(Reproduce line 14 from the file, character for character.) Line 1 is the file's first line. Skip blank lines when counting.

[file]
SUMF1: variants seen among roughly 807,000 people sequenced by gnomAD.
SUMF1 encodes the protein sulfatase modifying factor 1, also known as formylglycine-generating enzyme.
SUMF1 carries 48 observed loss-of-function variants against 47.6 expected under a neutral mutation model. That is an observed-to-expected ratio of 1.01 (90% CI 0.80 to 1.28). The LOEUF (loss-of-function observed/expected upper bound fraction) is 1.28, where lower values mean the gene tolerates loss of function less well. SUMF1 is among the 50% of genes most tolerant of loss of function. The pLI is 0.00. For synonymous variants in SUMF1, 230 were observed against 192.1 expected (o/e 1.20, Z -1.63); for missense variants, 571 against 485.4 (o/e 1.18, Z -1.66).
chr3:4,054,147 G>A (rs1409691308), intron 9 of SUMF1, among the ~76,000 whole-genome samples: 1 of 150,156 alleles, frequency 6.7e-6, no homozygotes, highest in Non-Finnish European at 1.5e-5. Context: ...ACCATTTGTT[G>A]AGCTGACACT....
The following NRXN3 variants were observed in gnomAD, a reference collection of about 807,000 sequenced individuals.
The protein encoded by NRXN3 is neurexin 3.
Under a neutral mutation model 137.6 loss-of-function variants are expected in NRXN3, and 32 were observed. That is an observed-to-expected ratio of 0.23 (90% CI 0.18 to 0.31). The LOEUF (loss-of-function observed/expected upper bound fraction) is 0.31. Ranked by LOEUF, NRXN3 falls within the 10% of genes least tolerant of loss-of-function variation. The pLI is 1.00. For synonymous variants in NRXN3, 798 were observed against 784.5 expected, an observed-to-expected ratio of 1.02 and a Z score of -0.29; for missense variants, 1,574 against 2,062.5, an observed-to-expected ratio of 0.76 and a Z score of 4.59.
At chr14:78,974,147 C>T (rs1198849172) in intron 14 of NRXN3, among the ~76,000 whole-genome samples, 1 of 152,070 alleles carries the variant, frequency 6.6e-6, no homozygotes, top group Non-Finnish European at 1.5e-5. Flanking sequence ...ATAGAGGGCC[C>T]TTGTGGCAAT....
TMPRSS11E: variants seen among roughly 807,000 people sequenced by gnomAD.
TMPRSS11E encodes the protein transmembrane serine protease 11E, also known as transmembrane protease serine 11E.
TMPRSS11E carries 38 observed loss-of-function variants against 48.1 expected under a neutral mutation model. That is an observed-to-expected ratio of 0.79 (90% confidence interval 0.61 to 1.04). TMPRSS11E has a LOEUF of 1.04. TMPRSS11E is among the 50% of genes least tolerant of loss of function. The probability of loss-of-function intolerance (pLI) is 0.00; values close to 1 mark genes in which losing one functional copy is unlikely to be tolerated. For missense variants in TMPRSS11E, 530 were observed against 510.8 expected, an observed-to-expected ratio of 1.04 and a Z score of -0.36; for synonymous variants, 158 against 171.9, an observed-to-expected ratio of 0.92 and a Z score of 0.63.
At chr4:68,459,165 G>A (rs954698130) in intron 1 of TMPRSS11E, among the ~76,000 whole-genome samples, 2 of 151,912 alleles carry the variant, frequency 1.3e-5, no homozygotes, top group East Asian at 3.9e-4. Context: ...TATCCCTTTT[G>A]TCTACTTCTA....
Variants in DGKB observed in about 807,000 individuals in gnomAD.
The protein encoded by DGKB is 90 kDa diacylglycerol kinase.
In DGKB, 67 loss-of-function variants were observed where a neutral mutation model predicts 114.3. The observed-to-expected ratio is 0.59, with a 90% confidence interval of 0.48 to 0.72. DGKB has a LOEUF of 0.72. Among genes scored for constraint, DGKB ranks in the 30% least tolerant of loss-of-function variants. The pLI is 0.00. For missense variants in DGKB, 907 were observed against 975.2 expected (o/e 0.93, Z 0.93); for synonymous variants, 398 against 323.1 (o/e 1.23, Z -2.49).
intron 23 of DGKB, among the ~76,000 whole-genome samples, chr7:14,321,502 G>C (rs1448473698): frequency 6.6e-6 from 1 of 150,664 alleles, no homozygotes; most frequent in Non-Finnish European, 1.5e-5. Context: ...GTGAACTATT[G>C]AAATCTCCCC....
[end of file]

The protein encoded by DGKB is 90 kDa diacylglycerol kinase.